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300 (R) (graphic battle sequences throughout, some sexuality and nudity) (2006)

Warner Brothers

Official Site

Director: Zack Snyder

Producers: Mark Canton, Gianni Nunnari

Written by: Zack Snyder, Kurt Johnstad, Michael B. Gordon

Cast: Gerard Butler, Lena Headey, David Wenham

Rating:


300 is based on the Frank Miller graphic novel of the same name and it follows the valiant stand of 300 Spartans under the command of King Leonidas (Butler) against the invading horde of Persian King Xerxes. Director Zack Snyder’s most recent work was the gory and entertaining Dawn Of The Dead remake. Miller and Snyder collaborated and used computers to fill in the background to make the movie as true to the look of the graphic novel as possible.

300 paints a lot of very pretty slow motion pictures as the statuesque Spartans thrust their big pointy spears over and over, releasing sprays of CGI blood. The movie uses this trick more than once, and after the 300th, time even hot stuff like this leaves the audience unsatisfied and bored by repetition. The 300 fight against a horde of adversaries—men, beasts, and magic—dispatching all in pretty much the same way (spear thrusting), while the Persians’ attacks bounce harmlessly off the Spartans’ abs of steel.

King Leonidas preaches to his men more than a few times about an age of freedom he and his men are trying to create/preserve. To offset King Leonidas’ idealism, the soldiers serving under him appear to be nothing more than a bunch of kill-crazy psychos ready to fight and die just for the fun of it. Most of Gerard Butler’s performance is snarling or shouting at the camera, but when he told his men to “Prepare for Glory,” I almost ripped off my shirt and joined the Spartan ranks to do battle with the enemy.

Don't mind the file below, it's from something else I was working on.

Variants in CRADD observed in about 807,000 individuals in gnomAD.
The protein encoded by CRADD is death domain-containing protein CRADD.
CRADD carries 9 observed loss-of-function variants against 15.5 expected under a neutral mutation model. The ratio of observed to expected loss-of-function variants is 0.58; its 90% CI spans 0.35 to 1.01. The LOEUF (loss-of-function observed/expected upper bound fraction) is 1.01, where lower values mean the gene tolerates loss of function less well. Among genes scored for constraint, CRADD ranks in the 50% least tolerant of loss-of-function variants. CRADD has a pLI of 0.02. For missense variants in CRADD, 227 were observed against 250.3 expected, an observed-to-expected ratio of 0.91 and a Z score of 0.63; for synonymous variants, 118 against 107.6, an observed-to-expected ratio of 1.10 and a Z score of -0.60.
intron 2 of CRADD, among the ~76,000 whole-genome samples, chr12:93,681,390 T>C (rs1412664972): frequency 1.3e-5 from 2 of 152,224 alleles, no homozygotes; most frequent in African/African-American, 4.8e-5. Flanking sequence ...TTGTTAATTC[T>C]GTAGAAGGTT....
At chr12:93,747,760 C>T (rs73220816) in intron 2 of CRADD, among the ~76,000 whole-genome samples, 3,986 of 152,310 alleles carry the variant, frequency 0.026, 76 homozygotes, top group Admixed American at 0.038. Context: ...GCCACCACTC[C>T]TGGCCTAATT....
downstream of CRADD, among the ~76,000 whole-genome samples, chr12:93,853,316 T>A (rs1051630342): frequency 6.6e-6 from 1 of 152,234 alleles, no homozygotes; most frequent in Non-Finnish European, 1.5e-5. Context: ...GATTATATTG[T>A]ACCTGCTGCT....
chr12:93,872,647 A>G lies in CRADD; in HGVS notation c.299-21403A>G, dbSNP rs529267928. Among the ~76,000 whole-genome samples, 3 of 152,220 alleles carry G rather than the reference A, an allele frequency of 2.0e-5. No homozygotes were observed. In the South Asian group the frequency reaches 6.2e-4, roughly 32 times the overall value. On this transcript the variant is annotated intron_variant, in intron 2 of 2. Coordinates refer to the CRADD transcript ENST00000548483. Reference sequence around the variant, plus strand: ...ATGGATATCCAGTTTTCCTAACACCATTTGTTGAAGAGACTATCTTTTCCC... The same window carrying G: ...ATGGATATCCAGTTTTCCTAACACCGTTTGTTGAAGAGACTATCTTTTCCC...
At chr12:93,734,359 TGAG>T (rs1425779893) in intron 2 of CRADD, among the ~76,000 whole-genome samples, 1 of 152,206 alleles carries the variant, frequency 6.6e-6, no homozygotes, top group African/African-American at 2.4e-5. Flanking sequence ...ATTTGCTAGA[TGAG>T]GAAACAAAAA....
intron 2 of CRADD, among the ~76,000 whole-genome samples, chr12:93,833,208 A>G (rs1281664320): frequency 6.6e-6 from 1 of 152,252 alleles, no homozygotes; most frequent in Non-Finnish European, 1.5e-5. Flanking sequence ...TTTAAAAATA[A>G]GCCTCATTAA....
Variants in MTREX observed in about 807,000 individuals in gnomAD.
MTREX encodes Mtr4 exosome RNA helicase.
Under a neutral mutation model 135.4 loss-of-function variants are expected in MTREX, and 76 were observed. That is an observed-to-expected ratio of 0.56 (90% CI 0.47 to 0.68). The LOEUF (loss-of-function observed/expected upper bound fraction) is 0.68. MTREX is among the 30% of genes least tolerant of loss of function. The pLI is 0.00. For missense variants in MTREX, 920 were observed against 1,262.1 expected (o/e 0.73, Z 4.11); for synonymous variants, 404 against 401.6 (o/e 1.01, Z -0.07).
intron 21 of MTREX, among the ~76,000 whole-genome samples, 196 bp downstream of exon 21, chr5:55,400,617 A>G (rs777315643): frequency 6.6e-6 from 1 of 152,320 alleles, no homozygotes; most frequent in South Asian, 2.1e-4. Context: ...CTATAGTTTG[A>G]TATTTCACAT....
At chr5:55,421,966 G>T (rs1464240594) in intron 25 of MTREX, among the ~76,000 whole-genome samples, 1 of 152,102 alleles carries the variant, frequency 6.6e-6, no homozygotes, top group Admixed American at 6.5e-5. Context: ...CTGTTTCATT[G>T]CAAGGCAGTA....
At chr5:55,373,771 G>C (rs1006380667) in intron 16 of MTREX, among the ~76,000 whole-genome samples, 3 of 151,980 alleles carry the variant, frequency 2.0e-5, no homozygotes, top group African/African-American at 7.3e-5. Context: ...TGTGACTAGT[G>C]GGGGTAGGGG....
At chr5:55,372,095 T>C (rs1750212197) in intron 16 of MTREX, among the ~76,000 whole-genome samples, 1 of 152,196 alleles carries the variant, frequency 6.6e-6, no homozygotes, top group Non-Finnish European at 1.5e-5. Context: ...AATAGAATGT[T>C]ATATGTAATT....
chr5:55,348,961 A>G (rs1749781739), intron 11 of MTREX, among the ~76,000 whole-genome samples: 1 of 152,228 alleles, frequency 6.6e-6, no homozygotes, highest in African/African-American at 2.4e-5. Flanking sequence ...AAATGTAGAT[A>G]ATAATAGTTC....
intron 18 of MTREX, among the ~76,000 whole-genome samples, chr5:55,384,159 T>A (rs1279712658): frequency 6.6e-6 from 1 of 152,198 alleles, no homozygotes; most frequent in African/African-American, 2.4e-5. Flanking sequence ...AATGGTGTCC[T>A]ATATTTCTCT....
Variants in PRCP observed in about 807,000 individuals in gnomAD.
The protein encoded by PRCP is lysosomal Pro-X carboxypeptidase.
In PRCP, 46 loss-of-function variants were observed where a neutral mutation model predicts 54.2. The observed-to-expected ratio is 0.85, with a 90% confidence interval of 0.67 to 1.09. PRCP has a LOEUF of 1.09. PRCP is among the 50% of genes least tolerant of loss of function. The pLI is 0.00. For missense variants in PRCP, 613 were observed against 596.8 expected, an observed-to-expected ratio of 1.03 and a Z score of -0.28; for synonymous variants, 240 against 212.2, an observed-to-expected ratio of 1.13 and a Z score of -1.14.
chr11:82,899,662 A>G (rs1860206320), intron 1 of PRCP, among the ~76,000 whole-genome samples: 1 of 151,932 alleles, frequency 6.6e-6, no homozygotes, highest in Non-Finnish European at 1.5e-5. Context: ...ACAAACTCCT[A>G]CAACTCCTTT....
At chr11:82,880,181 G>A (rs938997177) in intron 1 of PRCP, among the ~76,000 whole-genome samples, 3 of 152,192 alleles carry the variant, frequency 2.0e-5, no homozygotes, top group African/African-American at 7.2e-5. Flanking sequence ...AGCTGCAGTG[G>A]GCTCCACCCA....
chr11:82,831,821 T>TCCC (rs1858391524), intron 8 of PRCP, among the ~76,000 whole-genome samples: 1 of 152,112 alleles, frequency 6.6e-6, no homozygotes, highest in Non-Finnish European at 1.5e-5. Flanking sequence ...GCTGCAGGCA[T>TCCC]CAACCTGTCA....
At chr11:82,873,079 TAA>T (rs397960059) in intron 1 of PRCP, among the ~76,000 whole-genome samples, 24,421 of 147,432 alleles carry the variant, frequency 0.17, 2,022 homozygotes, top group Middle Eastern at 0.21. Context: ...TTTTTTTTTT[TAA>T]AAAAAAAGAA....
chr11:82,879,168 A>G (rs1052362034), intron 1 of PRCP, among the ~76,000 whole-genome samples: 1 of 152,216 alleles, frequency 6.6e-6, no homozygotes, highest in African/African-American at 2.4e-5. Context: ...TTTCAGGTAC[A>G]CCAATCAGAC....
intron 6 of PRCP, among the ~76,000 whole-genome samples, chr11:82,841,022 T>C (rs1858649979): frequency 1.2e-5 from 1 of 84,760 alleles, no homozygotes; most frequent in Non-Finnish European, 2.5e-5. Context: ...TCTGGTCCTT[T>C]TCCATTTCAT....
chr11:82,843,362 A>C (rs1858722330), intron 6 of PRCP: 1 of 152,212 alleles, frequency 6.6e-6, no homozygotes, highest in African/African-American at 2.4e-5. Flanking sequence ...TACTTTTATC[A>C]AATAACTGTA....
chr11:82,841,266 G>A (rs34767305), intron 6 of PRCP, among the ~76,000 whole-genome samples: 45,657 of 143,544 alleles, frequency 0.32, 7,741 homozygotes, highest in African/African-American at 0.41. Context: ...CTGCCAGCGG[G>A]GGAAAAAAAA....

Not too long into the movie, über-buff King Leonidas and his scrumptious wife Gorgo (Headey) get down for some of the “sexuality and nudity” that helped this movie earn its R rating. This scene exists for reasons beyond merely titillating the audience; it proves beyond any shadow of a doubt that King Leonidas (and by implication all Spartan men) is not homosexual.

To help break up the non-stop action, the movie follows two subplots. In one the camera lingers on Gorgo a little more while she reminds the Spartan council that “Freedom isn’t free, and it is worth paying the highest cost for!” and anyone who doesn’t agree with her is in fact a traitor to the very ideals of freedom. The other involves the most sympathetic character in the entire movie, Ephialtes, a deformed man whose most fervent desire is to fight alongside the Spartans. The super-model Spartans react to his offer with revulsion and scorn and even wise King Leonidas can only give him a job as a janitor. King Xerxes may have offered Ephialtes women and wealth, but the seduction was complete with a few kind words. Given this choice it is little wonder Ephialtes chose to be a star in hell rather than a slave in heaven.

300 promised “graphic battle sequences throughout” and with all these distractions does it deliver? Yes! When the 300 charge forward directly into the camera, the film has its proverbial “money shot” as the invincible Spartans crush all who would dare take the field against them. The Spartans’ true motivations may be lost with them, but the pondering of those things is better left to the “boy-loving Athenians.” The Spartans’ stand at Thermopylae is a thing of legend and 300 does justice to that legend with larger-than-life effects and a lot of pointy sticks.

—Woodrow Bogucki

hybridCinema Ratings Guide:

Take a pal and pay full price for both tickets.

Itís worth a full-price ticket.

Itís worth a matinee ticket.

Wait for video rental.

Check out the video from the library, if you must.

While we would never encourage anyone to destroy a video...


Mike Doughty



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